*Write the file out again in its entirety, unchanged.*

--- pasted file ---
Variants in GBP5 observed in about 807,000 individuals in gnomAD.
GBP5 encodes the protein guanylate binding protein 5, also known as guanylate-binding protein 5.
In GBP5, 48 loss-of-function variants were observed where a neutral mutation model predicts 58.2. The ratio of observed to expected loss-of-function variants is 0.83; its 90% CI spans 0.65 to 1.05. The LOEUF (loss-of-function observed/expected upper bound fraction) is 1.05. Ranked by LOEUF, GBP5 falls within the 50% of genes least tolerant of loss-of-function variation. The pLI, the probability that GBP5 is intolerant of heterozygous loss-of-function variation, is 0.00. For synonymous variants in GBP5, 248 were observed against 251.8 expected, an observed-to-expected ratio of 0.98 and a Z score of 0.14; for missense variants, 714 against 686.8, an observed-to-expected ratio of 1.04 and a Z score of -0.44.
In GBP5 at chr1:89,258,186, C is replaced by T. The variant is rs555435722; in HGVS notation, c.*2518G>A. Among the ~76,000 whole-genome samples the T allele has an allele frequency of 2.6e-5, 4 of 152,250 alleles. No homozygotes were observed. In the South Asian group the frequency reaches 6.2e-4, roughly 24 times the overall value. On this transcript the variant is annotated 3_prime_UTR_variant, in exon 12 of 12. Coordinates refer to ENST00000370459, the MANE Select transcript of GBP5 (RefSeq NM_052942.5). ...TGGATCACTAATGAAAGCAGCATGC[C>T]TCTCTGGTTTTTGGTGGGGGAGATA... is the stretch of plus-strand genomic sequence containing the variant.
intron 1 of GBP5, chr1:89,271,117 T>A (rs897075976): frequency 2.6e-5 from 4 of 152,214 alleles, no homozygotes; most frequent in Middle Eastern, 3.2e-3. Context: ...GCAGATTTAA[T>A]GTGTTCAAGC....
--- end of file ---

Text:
Variants in GBP5 observed in about 807,000 individuals in gnomAD.
GBP5 encodes the protein guanylate binding protein 5, also known as guanylate-binding protein 5.
In GBP5, 48 loss-of-function variants were observed where a neutral mutation model predicts 58.2. The ratio of observed to expected loss-of-function variants is 0.83; its 90% CI spans 0.65 to 1.05. The LOEUF (loss-of-function observed/expected upper bound fraction) is 1.05. Ranked by LOEUF, GBP5 falls within the 50% of genes least tolerant of loss-of-function variation. The pLI, the probability that GBP5 is intolerant of heterozygous loss-of-function variation, is 0.00. For synonymous variants in GBP5, 248 were observed against 251.8 expected, an observed-to-expected ratio of 0.98 and a Z score of 0.14; for missense variants, 714 against 686.8, an observed-to-expected ratio of 1.04 and a Z score of -0.44.
In GBP5 at chr1:89,258,186, C is replaced by T. The variant is rs555435722; in HGVS notation, c.*2518G>A. Among the ~76,000 whole-genome samples the T allele has an allele frequency of 2.6e-5, 4 of 152,250 alleles. No homozygotes were observed. In the South Asian group the frequency reaches 6.2e-4, roughly 24 times the overall value. On this transcript the variant is annotated 3_prime_UTR_variant, in exon 12 of 12. Coordinates refer to ENST00000370459, the MANE Select transcript of GBP5 (RefSeq NM_052942.5). ...TGGATCACTAATGAAAGCAGCATGC[C>T]TCTCTGGTTTTTGGTGGGGGAGATA... is the stretch of plus-strand genomic sequence containing the variant.
intron 1 of GBP5, chr1:89,271,117 T>A (rs897075976): frequency 2.6e-5 from 4 of 152,214 alleles, no homozygotes; most frequent in Middle Eastern, 3.2e-3. Context: ...GCAGATTTAA[T>A]GTGTTCAAGC....